Quite often, as one of the few British people in the office, I’m called upon to explain the all manner of cultural points for my German colleagues. The questions can range from “why all the mint sauce?” to “is it true that you all stop at 15.00 for tea?”. In the past I enjoyed these discussions. It was a chance to bond with colleagues, to have a laugh at ourselves and also to hopefully educate people that we really aren’t the “Inselaffe” or monkey island that many Germans joke about. Then came Friday and the news that my homeland had decided to reject the EU.
I was already fairly fragile that morning. I had been cooped up in the house following a leg operation, I’d hobbled around for two weeks and probably eaten far too many sweets during my forced absence. None of these points were so terrible, but I wasn’t exactly in the perfect mental state to accept the awful news that Brexit was a reality. I believed it could happen, but there was a large part of me that staunchly believed it wouldn’t. And yet, as I listened to the BBC declare victory for the leave campaign and then David Cameron deliver a whimpering resignation, I truly felt for the first time that I didn’t know my homeland.
I’ve built my life on my European identity, by accident at first, but later deliberately. It was dumb luck that I happened to select halls of residents that included ERASMUS students, it was fortune that I was housed with a mad Portuguese pirate and it was serendipity that my now German wife lived upstairs. From there I met people that flipped my shallow, poorly educated view of Europe; my baseless stereotypes of boring Belgians, humourless Germans and ignorant Frenchman were quickly superseded by some of the most genuine and lovely people I have ever met. When it finally came to leaving university, I followed the best piece of advice I have ever been given “why not just move to Germany?”.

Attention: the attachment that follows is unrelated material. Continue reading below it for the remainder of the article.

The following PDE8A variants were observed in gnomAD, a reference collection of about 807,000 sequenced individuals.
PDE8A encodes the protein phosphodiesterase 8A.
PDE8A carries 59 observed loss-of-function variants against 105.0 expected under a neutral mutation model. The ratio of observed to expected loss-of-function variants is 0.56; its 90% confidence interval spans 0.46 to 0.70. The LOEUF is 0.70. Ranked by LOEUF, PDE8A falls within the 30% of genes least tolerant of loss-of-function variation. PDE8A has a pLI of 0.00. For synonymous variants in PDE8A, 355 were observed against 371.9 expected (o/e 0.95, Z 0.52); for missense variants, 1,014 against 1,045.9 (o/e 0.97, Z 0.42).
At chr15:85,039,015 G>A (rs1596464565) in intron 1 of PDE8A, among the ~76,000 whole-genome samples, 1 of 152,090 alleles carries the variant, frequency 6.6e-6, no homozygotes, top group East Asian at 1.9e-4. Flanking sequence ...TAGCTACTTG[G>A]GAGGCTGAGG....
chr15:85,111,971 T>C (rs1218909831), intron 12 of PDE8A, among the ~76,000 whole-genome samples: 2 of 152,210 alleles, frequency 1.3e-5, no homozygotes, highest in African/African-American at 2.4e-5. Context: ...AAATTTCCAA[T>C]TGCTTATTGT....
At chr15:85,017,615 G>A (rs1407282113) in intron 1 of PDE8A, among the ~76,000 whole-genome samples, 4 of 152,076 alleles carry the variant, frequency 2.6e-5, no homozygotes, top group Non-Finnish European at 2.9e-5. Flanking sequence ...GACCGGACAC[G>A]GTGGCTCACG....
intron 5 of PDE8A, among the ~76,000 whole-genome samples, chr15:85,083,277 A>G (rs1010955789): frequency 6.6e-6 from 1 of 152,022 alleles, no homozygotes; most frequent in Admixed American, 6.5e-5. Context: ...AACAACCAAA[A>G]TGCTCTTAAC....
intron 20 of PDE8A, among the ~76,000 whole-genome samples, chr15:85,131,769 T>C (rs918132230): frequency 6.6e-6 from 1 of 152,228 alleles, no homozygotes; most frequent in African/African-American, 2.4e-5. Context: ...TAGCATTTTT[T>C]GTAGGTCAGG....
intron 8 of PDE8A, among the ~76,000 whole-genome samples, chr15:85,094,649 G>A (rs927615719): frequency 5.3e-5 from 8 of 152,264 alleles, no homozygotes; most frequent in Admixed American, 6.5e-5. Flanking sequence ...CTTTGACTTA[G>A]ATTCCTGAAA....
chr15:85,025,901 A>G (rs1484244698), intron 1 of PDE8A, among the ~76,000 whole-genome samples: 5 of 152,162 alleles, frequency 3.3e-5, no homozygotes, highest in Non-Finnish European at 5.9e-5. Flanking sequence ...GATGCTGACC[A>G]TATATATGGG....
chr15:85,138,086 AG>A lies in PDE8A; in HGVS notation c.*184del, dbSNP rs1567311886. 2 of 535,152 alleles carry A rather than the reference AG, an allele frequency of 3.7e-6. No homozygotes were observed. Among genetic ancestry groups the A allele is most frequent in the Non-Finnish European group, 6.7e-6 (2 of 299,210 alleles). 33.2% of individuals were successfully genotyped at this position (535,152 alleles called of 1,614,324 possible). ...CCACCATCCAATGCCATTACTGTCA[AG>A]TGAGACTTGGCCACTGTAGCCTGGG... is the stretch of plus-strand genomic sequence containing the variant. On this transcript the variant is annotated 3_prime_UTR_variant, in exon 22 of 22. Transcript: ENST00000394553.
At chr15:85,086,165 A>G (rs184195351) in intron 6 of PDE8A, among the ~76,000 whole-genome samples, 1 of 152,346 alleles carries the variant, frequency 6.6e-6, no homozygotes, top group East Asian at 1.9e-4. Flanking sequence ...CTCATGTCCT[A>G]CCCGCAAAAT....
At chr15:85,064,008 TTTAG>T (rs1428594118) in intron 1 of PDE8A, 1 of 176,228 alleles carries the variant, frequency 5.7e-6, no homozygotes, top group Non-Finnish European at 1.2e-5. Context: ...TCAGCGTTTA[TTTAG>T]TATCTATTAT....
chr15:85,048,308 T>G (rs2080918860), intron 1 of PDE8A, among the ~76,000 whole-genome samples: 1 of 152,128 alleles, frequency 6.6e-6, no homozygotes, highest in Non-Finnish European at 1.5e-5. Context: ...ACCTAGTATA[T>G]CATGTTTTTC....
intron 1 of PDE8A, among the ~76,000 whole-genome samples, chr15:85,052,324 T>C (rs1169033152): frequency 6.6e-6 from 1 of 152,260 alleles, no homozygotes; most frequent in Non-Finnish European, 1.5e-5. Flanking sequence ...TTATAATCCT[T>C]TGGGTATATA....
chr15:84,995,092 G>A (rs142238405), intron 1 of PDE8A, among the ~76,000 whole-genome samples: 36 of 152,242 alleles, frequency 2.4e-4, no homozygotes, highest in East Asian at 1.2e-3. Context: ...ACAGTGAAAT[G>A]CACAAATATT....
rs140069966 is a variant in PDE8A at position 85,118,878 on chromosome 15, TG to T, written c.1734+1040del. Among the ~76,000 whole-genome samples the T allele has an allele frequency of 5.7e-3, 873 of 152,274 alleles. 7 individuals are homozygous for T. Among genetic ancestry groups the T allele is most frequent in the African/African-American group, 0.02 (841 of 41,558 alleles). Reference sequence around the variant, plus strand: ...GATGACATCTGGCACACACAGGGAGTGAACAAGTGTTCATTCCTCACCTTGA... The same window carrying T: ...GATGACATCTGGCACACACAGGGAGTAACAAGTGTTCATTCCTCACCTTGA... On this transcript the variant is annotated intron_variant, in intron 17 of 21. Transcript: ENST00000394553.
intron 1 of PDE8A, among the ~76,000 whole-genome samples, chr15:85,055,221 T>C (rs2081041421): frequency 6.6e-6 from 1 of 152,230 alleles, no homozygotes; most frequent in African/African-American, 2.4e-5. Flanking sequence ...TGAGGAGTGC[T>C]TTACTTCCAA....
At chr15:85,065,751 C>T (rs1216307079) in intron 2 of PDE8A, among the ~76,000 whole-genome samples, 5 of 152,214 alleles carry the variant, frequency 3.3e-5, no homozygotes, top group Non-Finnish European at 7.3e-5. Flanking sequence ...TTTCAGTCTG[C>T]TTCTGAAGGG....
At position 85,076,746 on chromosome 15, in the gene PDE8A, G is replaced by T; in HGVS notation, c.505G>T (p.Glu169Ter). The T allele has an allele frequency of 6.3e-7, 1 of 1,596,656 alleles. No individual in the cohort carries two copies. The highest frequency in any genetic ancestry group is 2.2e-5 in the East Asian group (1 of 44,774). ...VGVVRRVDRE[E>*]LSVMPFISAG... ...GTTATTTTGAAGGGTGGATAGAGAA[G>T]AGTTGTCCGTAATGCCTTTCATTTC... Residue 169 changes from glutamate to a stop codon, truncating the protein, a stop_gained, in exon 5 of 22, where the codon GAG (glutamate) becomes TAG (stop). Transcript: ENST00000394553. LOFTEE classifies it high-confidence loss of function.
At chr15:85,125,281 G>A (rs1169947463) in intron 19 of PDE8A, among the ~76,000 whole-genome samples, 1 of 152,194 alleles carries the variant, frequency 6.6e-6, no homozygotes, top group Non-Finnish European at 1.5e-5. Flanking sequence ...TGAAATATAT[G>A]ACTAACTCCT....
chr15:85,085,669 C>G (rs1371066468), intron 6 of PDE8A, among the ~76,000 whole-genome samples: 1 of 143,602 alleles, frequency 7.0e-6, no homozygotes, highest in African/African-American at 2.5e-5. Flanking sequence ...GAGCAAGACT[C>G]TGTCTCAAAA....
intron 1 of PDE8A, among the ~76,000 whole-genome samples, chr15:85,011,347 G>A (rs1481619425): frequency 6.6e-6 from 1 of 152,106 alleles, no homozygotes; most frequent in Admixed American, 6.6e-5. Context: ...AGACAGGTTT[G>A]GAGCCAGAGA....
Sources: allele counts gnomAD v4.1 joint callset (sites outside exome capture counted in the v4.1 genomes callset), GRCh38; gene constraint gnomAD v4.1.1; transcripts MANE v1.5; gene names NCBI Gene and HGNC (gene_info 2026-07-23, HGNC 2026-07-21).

Since Friday, I have been asked one question: Why? To be honest, I really don’t have an answer. I could point to the racist xenophobes who have apparently skulked out to pick over the remains. I could direct my friends and colleagues to look at UKIP’s racist bleating and obvious lies. I could discuss the nature of a class system that creates politicians who are still trying to one up each other, even at the cost of the poorest and most vulnerable in society. I could show them a feckless opposition leader who milled around and eschewed his responsibilities. I might play the video of a leading politician saying “Britain has had enough of experts” as if that was a totally reasonable position. I might just give them this article.
Perhaps it’s not that I don’t have the answers, it’s that those answers make me deeply sad. Sad in a way I don’t think I’ve ever felt. I have experienced bereavement before, but this doesn’t feel quite the same. This is a sadness for everyone on both sides. It’s a sadness that there are many people who think that foreigners are somehow below them and are rightful targets for abuse. It’s the feeling that politicians are so far removed from reality that they can allow this to happen. It’s the realisation that the history of my country is being rewritten to suit the agendas of racists. It’s the celebration of ignorance, the promotion of lies and the avoidance of reality.
Really though, it’s the sadness that for generations, young people might not have the chance to enjoy the experiences I had or to have their poorly educated assumptions of the world tested in the most positive of ways.